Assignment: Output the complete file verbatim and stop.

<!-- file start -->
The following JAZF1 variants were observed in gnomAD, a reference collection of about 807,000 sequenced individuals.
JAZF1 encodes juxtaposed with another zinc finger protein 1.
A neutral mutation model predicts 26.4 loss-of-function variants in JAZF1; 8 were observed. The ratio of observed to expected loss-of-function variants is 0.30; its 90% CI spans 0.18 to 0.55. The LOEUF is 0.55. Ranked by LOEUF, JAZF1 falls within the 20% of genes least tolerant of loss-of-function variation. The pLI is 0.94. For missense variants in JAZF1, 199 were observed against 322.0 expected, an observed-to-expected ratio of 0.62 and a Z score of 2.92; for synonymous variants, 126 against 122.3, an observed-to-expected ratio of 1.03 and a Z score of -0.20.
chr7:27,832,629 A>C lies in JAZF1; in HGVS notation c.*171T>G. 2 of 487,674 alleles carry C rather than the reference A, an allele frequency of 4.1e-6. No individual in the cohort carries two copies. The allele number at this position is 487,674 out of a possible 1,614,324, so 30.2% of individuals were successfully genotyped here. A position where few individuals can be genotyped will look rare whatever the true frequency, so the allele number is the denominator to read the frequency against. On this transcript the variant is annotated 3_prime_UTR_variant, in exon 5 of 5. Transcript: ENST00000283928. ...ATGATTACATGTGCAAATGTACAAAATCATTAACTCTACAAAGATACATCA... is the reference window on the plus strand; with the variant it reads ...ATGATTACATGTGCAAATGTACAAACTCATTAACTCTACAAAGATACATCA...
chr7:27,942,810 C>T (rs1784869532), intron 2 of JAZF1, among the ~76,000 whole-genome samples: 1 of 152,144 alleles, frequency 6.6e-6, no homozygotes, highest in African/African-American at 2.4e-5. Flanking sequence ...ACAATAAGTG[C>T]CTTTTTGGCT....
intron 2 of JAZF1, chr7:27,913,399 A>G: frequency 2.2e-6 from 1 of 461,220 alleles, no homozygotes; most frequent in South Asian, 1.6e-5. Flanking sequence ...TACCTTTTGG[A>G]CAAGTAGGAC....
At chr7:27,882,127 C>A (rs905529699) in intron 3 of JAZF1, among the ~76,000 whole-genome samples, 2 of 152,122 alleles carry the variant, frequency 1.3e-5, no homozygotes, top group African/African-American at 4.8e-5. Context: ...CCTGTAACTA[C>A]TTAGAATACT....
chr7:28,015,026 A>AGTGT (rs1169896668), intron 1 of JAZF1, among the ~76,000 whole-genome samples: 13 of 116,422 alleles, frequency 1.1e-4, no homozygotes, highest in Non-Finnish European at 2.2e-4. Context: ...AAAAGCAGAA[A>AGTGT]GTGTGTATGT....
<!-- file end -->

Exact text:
The following JAZF1 variants were observed in gnomAD, a reference collection of about 807,000 sequenced individuals.
JAZF1 encodes juxtaposed with another zinc finger protein 1.
A neutral mutation model predicts 26.4 loss-of-function variants in JAZF1; 8 were observed. The ratio of observed to expected loss-of-function variants is 0.30; its 90% CI spans 0.18 to 0.55. The LOEUF is 0.55. Ranked by LOEUF, JAZF1 falls within the 20% of genes least tolerant of loss-of-function variation. The pLI is 0.94. For missense variants in JAZF1, 199 were observed against 322.0 expected, an observed-to-expected ratio of 0.62 and a Z score of 2.92; for synonymous variants, 126 against 122.3, an observed-to-expected ratio of 1.03 and a Z score of -0.20.
chr7:27,832,629 A>C lies in JAZF1; in HGVS notation c.*171T>G. 2 of 487,674 alleles carry C rather than the reference A, an allele frequency of 4.1e-6. No individual in the cohort carries two copies. The allele number at this position is 487,674 out of a possible 1,614,324, so 30.2% of individuals were successfully genotyped here. A position where few individuals can be genotyped will look rare whatever the true frequency, so the allele number is the denominator to read the frequency against. On this transcript the variant is annotated 3_prime_UTR_variant, in exon 5 of 5. Transcript: ENST00000283928. ...ATGATTACATGTGCAAATGTACAAAATCATTAACTCTACAAAGATACATCA... is the reference window on the plus strand; with the variant it reads ...ATGATTACATGTGCAAATGTACAAACTCATTAACTCTACAAAGATACATCA...
chr7:27,942,810 C>T (rs1784869532), intron 2 of JAZF1, among the ~76,000 whole-genome samples: 1 of 152,144 alleles, frequency 6.6e-6, no homozygotes, highest in African/African-American at 2.4e-5. Flanking sequence ...ACAATAAGTG[C>T]CTTTTTGGCT....
intron 2 of JAZF1, chr7:27,913,399 A>G: frequency 2.2e-6 from 1 of 461,220 alleles, no homozygotes; most frequent in South Asian, 1.6e-5. Flanking sequence ...TACCTTTTGG[A>G]CAAGTAGGAC....
At chr7:27,882,127 C>A (rs905529699) in intron 3 of JAZF1, among the ~76,000 whole-genome samples, 2 of 152,122 alleles carry the variant, frequency 1.3e-5, no homozygotes, top group African/African-American at 4.8e-5. Context: ...CCTGTAACTA[C>A]TTAGAATACT....
chr7:28,015,026 A>AGTGT (rs1169896668), intron 1 of JAZF1, among the ~76,000 whole-genome samples: 13 of 116,422 alleles, frequency 1.1e-4, no homozygotes, highest in Non-Finnish European at 2.2e-4. Context: ...AAAAGCAGAA[A>AGTGT]GTGTGTATGT....